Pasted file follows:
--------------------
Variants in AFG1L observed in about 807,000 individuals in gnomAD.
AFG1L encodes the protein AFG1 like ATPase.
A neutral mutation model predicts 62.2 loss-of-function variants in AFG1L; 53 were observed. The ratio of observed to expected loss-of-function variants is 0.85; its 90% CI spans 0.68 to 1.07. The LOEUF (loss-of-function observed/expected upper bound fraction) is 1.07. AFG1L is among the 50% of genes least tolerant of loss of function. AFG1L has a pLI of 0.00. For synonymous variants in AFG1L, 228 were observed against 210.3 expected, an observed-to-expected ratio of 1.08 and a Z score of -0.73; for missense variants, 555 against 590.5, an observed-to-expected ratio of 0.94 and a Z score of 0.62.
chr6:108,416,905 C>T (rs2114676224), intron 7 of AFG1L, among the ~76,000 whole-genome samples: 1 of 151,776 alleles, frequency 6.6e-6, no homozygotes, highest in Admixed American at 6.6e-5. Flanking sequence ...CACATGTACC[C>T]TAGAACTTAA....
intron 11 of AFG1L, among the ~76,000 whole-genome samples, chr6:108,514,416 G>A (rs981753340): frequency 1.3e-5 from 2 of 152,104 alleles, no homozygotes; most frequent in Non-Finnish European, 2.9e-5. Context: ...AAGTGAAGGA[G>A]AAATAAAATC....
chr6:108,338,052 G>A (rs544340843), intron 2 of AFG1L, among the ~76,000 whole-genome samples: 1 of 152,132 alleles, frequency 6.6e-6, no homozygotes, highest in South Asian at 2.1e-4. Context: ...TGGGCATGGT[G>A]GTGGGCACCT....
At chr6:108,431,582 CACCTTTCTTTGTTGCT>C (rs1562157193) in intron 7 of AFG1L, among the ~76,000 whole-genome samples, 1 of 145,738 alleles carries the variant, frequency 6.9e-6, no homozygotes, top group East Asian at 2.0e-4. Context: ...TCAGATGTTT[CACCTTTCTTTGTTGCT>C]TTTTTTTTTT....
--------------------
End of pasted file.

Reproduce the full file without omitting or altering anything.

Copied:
Variants in AFG1L observed in about 807,000 individuals in gnomAD.
AFG1L encodes the protein AFG1 like ATPase.
A neutral mutation model predicts 62.2 loss-of-function variants in AFG1L; 53 were observed. The ratio of observed to expected loss-of-function variants is 0.85; its 90% CI spans 0.68 to 1.07. The LOEUF (loss-of-function observed/expected upper bound fraction) is 1.07. AFG1L is among the 50% of genes least tolerant of loss of function. AFG1L has a pLI of 0.00. For synonymous variants in AFG1L, 228 were observed against 210.3 expected, an observed-to-expected ratio of 1.08 and a Z score of -0.73; for missense variants, 555 against 590.5, an observed-to-expected ratio of 0.94 and a Z score of 0.62.
chr6:108,416,905 C>T (rs2114676224), intron 7 of AFG1L, among the ~76,000 whole-genome samples: 1 of 151,776 alleles, frequency 6.6e-6, no homozygotes, highest in Admixed American at 6.6e-5. Flanking sequence ...CACATGTACC[C>T]TAGAACTTAA....
intron 11 of AFG1L, among the ~76,000 whole-genome samples, chr6:108,514,416 G>A (rs981753340): frequency 1.3e-5 from 2 of 152,104 alleles, no homozygotes; most frequent in Non-Finnish European, 2.9e-5. Context: ...AAGTGAAGGA[G>A]AAATAAAATC....
chr6:108,338,052 G>A (rs544340843), intron 2 of AFG1L, among the ~76,000 whole-genome samples: 1 of 152,132 alleles, frequency 6.6e-6, no homozygotes, highest in South Asian at 2.1e-4. Context: ...TGGGCATGGT[G>A]GTGGGCACCT....
At chr6:108,431,582 CACCTTTCTTTGTTGCT>C (rs1562157193) in intron 7 of AFG1L, among the ~76,000 whole-genome samples, 1 of 145,738 alleles carries the variant, frequency 6.9e-6, no homozygotes, top group East Asian at 2.0e-4. Context: ...TCAGATGTTT[CACCTTTCTTTGTTGCT>C]TTTTTTTTTT....